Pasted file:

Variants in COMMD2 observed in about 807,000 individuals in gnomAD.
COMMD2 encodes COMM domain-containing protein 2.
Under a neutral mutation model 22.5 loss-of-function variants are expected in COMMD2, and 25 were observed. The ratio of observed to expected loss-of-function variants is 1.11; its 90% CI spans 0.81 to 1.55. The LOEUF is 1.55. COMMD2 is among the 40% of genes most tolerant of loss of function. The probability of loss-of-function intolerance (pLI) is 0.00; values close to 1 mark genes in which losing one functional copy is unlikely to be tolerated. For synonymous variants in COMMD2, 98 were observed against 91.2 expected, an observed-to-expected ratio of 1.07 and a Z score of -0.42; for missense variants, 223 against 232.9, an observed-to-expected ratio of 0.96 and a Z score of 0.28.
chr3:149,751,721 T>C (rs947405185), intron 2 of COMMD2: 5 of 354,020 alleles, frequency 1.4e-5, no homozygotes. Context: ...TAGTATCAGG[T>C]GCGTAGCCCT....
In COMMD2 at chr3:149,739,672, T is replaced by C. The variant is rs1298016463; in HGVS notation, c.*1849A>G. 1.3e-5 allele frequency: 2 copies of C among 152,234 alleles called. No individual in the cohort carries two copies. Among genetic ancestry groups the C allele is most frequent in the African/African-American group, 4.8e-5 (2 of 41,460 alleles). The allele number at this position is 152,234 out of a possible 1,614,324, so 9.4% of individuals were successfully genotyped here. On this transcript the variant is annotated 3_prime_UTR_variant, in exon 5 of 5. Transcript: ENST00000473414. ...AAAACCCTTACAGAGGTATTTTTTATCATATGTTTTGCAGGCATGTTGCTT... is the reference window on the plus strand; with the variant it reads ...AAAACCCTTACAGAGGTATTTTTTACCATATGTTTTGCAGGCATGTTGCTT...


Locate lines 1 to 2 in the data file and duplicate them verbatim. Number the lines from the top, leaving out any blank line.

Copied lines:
Variants in COMMD2 observed in about 807,000 individuals in gnomAD.
COMMD2 encodes COMM domain-containing protein 2.